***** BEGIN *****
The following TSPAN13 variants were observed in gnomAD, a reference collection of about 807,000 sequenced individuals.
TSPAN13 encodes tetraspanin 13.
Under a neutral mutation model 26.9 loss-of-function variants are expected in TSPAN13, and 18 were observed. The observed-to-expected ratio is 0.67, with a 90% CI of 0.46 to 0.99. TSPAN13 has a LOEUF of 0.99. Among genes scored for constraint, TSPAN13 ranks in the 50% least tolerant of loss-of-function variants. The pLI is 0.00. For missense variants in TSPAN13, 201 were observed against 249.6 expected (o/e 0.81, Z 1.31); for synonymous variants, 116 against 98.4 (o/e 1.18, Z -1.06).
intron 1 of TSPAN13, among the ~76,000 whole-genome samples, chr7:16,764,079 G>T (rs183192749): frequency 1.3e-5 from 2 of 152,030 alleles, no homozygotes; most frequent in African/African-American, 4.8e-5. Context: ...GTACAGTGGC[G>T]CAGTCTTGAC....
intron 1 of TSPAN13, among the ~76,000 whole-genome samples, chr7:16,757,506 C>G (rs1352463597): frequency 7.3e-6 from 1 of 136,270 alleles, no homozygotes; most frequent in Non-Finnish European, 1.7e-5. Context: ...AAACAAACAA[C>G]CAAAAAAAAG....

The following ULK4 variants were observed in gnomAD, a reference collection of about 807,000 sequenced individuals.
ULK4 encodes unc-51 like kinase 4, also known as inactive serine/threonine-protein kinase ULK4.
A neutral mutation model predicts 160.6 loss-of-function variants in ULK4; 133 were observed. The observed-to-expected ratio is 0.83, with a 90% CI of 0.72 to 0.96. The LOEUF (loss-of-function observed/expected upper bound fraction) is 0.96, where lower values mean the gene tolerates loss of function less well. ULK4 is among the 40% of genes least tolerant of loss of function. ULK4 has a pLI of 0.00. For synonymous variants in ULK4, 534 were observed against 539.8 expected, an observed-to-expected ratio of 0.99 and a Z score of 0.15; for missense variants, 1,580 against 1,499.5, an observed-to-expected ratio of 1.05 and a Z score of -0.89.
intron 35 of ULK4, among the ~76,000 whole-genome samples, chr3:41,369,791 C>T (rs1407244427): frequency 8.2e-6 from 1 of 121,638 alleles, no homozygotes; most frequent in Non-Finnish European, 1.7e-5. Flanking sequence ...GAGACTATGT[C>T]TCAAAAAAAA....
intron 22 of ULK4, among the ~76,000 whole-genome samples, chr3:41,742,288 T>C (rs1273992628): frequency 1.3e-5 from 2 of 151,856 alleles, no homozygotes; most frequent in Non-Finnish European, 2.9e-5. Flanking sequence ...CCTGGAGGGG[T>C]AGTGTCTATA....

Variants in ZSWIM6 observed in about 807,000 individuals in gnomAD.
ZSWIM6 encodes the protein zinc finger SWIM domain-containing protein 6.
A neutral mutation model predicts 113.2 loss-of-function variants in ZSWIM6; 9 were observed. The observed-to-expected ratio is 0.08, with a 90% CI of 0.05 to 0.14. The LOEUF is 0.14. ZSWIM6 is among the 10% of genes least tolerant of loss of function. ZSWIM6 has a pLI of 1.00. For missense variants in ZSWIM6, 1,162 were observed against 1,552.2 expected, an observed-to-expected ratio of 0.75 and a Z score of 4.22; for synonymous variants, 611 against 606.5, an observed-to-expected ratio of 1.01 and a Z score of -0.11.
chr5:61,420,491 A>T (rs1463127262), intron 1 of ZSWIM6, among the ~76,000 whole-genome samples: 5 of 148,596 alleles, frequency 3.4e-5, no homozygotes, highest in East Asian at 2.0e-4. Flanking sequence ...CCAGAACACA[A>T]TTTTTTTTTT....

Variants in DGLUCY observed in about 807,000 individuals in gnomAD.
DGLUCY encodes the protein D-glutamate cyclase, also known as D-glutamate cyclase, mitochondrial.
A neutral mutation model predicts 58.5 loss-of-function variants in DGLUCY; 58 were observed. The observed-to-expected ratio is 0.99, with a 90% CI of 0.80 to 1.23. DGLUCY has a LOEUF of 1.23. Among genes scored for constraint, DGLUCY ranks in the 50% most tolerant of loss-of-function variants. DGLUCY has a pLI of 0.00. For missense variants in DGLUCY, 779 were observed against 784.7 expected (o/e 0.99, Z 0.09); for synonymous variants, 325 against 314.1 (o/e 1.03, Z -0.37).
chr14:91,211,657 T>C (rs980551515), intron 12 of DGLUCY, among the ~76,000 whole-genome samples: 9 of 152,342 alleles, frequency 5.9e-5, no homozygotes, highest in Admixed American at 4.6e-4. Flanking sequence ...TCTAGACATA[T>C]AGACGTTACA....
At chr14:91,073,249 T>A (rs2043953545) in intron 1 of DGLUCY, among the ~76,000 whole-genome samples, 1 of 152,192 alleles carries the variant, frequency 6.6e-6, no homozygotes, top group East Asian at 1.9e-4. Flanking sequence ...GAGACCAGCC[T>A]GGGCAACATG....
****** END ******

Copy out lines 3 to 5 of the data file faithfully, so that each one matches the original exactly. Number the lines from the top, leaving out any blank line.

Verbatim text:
Under a neutral mutation model 26.9 loss-of-function variants are expected in TSPAN13, and 18 were observed. The observed-to-expected ratio is 0.67, with a 90% CI of 0.46 to 0.99. TSPAN13 has a LOEUF of 0.99. Among genes scored for constraint, TSPAN13 ranks in the 50% least tolerant of loss-of-function variants. The pLI is 0.00. For missense variants in TSPAN13, 201 were observed against 249.6 expected (o/e 0.81, Z 1.31); for synonymous variants, 116 against 98.4 (o/e 1.18, Z -1.06).
intron 1 of TSPAN13, among the ~76,000 whole-genome samples, chr7:16,764,079 G>T (rs183192749): frequency 1.3e-5 from 2 of 152,030 alleles, no homozygotes; most frequent in African/African-American, 4.8e-5. Context: ...GTACAGTGGC[G>T]CAGTCTTGAC....
intron 1 of TSPAN13, among the ~76,000 whole-genome samples, chr7:16,757,506 C>G (rs1352463597): frequency 7.3e-6 from 1 of 136,270 alleles, no homozygotes; most frequent in Non-Finnish European, 1.7e-5. Context: ...AAACAAACAA[C>G]CAAAAAAAAG....